Former Stonecrest Mayor Jason Lary sentenced to prison for stealing COVID funds
ATLANTA (CW69 News at 10) -- Jason Lary, the former mayor of Stonecrest, is going to prison. On Wednesday, a judge sentenced him to serve more than four years after his conviction for fraud, conspiracy and theft of hundreds of thousands of dollars of the city's COVID relief funds.
Judge Thomas Thrash called Lary's actions deplorable, before sentencing him to serve 57 months behind bars, followed by three years of supervised release. Lary also has to pay nearly $120,000 in restitution. Stonecrest neighbors say justice was served.
"I'm hopeful that community members will feel that the federal government took this injustice seriously," said Malaika Wells, the president of the Stonecrest Citizens Coalition.
Others, like Faye Coffield, argue Lary got a break from the court.
"I don't think he got enough time. I really don't, because other people who did this as individuals for themselves, they got more time," she said
Before the sentencing, family members and friends spoke on his behalf, all pleading for leniency by citing his community service, and no prior criminal history. In addition, they said he is battling prostate cancer.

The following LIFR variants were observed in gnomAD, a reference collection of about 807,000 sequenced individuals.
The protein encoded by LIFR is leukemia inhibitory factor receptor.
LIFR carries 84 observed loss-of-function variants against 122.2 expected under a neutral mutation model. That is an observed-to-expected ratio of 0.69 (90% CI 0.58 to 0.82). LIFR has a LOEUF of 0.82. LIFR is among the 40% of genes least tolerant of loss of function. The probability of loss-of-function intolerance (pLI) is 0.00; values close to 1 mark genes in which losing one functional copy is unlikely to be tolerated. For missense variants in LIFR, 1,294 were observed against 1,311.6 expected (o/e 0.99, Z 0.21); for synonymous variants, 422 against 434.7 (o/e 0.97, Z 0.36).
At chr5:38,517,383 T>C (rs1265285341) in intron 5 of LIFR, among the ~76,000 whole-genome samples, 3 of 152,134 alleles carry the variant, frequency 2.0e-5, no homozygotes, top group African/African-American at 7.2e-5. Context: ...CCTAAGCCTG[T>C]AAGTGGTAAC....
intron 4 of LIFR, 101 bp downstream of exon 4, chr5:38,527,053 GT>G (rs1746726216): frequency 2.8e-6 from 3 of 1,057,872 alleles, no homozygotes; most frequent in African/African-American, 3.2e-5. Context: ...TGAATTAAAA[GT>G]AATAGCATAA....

Prosecuting Attorney Trevor Wilmot argued Lary was battling cancer when he committed fraud and said not sending him to jail would send the wrong message. Judge Thrash agreed and also denied Attorney Dwight Thomas's request to allow Lary to serve time at home.
"His family may have seen a different side, but that's not anything that we would have seen," Lowman said, citing several instances where residents said he abused their trust.
"There had been many indications in his past that indicated he was capable of this," Coffield said.
Others pointed out that if he was sick, that should have made him rethink anything he would have done wrong.
"I would think that a man who was suffering from a debilitating disease would also be a man of good moral character," said Stone.
In court, Lary apologized to his family and the citizens of Stonecrest, saying, "I still think I can get past this illness to contribute to my community and my race."
Residents said he has yet to apologize to the community outside of the courtroom setting.
"Until you apologize, you haven't taken responsibility, and we want this to be a message to everyone who lives in Stonecrest. Don't bring it here," said Stone.
They're also focusing on rebuilding the 95% Black city and the businesses that suffered as a result of what the judge and prosecutor called sophisticated schemes.
"We don't know how many of those people lost their businesses or face hardship because of what he did," said Coffield.
Lary didn't show much emotion during the sentencing until leaving the courtroom when he was seen comforting his wife. He is expected to begin serving his sentence on December 15, but health issues may cause a delay of that date.
City of Stonecrest officials did not respond to a request for a response to the sentencing. Thomas declined to comment on Lary's behalf, citing an ongoing federal investigation. Lary's family also did not speak to reporters following the hearing
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